Kung-Fu Heroes is a charming looking title for the NES released in the US in 1988 - the comical martial arts game was originally launched as an arcade title in 1984, and was then ported to the NES in 1986 by Culture Brain (formerly known as Nihon Game). The NES adaptation is the second entry in the Super Chinese series (known also as the “Ninja Brothers" series in America).

In Kung-Fu Heroes, up to two players control the delightfully cheery and well-animated characters, Jacky and Lee, with the mission to rescue Princess Min-Min from the Dragon Clan army and recover the ten stolen treasures. To save the day the two familiar sounding characters must fight their way through eight castles and test their martial art skills against a range of enemies. Each room – ranging in colour, design and detail true to martial arts' culture – features a number of traps including water pits, and a large amount of enemies; a certain number of them must be defeated in a set number of lives in order to progress. After four rooms, the player then proceeds to the next castle.

Culture Brain adds much variety to this simple concept by including key unlock bonus stages (providing the player with extra points and more), kung fu techniques, an array of enemies at different levels of difficulty, and items and power-ups to collect. The moveset in Kung-Fu heroes provides a sense of strategy, splitting attacks into punching, kicking and sword techniques. To punch the player must tap A, and to perform flip kicks including the Moonsault and Miracle Kick the player is required to tap B and press the control pad – as long as they have enough of the respective power-ups. Sword manoeuvres are slightly more complex, firstly requiring a sword, and then simultaneously pressing a number of buttons to wield it.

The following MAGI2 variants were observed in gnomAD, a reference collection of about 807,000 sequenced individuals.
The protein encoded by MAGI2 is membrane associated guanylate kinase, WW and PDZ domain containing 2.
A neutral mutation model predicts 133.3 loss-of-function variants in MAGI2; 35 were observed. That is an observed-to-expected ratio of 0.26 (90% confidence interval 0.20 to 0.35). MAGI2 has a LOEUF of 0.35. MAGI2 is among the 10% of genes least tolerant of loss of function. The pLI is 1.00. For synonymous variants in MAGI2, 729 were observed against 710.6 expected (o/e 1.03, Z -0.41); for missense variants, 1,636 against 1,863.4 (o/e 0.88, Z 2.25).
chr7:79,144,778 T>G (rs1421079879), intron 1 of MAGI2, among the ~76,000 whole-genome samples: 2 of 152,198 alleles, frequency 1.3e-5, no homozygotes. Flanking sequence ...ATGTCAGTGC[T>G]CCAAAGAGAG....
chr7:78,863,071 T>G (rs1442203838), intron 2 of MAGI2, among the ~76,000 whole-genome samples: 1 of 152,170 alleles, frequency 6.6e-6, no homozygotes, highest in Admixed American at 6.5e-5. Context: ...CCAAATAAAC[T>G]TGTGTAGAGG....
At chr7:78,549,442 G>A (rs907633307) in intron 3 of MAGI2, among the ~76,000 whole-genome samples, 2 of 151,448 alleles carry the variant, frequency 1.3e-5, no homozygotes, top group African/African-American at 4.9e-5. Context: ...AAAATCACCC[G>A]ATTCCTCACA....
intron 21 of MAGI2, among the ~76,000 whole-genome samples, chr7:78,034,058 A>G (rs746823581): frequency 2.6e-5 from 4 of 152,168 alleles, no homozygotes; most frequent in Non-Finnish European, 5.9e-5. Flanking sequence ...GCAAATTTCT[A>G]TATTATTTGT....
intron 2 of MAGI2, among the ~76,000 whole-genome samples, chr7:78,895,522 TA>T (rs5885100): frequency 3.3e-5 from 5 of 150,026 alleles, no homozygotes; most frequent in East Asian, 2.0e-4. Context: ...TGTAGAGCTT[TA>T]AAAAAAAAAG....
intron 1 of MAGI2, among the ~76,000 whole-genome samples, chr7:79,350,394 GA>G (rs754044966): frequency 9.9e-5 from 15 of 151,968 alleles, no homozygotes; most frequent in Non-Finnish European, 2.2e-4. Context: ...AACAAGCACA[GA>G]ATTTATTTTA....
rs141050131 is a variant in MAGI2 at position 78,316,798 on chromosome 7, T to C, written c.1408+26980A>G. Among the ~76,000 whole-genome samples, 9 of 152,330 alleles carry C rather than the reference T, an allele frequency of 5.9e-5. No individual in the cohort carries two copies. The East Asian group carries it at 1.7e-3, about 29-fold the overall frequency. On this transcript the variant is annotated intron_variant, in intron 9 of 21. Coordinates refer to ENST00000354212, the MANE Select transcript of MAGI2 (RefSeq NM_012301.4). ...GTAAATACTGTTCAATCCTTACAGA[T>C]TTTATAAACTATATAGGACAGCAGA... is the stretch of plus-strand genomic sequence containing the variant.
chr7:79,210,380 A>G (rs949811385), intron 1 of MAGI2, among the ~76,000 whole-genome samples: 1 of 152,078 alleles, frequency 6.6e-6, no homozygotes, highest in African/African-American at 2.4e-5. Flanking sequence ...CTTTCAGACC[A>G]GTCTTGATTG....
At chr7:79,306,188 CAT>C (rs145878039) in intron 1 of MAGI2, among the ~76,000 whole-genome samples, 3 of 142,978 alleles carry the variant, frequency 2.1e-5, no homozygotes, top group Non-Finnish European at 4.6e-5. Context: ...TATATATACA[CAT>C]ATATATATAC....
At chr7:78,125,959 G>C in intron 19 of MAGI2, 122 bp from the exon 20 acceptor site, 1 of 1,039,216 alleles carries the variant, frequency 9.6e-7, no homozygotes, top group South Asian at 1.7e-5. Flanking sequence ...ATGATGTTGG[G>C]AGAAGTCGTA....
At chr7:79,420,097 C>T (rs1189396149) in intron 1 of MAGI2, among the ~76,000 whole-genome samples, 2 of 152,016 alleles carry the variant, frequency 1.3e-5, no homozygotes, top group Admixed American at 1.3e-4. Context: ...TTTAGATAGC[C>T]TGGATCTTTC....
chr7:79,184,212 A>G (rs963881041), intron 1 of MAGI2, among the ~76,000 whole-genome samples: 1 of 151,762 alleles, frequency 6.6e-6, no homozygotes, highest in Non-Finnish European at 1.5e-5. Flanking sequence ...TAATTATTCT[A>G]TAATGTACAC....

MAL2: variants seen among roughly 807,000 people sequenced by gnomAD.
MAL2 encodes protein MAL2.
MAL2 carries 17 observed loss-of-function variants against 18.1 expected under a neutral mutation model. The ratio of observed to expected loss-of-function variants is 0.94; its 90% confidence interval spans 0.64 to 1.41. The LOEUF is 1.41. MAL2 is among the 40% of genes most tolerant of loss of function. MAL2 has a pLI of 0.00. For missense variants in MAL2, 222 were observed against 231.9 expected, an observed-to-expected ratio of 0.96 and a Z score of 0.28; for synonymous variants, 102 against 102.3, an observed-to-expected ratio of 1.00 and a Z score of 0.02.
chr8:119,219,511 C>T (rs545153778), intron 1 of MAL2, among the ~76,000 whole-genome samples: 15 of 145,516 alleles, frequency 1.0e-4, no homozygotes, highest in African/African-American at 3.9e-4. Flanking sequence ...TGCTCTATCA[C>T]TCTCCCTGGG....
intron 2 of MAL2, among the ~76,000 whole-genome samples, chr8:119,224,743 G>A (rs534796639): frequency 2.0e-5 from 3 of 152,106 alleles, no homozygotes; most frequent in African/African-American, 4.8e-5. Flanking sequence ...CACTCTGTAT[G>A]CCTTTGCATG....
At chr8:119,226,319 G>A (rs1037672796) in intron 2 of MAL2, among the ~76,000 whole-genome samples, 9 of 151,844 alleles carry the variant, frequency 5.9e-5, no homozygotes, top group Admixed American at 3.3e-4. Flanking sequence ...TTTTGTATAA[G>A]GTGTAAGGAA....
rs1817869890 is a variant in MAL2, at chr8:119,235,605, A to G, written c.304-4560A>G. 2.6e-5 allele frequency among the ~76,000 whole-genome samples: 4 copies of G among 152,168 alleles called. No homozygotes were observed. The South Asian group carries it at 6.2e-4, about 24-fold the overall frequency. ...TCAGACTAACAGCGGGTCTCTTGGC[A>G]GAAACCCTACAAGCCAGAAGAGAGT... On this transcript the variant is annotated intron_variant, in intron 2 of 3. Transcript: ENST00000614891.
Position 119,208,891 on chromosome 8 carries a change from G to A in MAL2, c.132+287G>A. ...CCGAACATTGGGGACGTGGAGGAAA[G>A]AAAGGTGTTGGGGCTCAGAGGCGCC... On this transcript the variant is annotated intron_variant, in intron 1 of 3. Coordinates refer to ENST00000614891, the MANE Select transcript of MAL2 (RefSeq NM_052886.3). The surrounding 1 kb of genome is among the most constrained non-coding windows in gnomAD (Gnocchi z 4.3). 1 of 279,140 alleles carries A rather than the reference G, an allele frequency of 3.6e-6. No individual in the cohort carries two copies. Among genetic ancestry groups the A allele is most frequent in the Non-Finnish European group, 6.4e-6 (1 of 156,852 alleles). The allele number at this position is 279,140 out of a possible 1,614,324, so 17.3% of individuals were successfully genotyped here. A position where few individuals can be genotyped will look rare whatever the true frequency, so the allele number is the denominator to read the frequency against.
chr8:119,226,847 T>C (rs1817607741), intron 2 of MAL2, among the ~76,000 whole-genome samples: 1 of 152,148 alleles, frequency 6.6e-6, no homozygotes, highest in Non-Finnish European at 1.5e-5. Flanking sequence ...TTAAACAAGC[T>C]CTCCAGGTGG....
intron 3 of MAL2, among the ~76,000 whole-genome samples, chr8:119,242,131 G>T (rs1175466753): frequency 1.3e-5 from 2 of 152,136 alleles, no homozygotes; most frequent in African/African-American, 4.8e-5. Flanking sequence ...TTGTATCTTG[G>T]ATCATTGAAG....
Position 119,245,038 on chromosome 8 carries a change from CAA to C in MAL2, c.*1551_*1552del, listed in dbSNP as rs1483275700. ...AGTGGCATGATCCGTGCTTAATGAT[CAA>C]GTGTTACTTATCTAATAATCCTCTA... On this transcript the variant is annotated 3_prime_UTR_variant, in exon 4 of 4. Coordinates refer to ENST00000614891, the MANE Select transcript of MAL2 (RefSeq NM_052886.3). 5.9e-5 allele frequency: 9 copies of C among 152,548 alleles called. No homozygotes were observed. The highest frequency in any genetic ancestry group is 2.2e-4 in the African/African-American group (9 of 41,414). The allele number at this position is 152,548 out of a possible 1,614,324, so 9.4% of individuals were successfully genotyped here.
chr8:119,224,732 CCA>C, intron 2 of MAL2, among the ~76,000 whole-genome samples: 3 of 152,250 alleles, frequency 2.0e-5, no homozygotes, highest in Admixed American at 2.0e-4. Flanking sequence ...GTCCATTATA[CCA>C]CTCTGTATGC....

Power-ups can be uncovered by punching rocks and revealing hidden treasure boxes and question balls inside. Treasure box items can enhance punching power, allow the player to perform a Miracle Kick, weaken a range of enemies, reveal hidden traps and more. Some question ball items include money bags and a gun ball – allowing players to shoot enemies; other more traditional items include extra lives. These all prove helpful at some point throughout Jacky and Lee's adventure, and prolong each play session.

These elements, combined with appropriate martial art music and sounds fitting the cute kung fu theme, readies players for battle against the Dragon Clan army. The enemies themselves all differ in colour, design and strength depending on the room, and all of them contribute a unique amount of points for the player's score when defeated. These enemies range from Kung-Fu Commandos who kick, punch and jump, a variety of cats – some firing beams from their mouths – and a Dragon Man who can only be defeated with a sword. This is not to mention special enemies requiring more hits than normal, including Dragon – the leader of the enemy clan.

Conclusion

As a single player experience Kung-Fu Heroes isn't all that alluring. As a two player game, however, this entry in the martial arts genre gives players the opportunity to devise plenty of team-based tactics with a combination of power-ups, items and movesets; ultimately saving the day. It's this simple formula which is sure to unite family and friends, and before you know it everybody will be – kung fu fighting.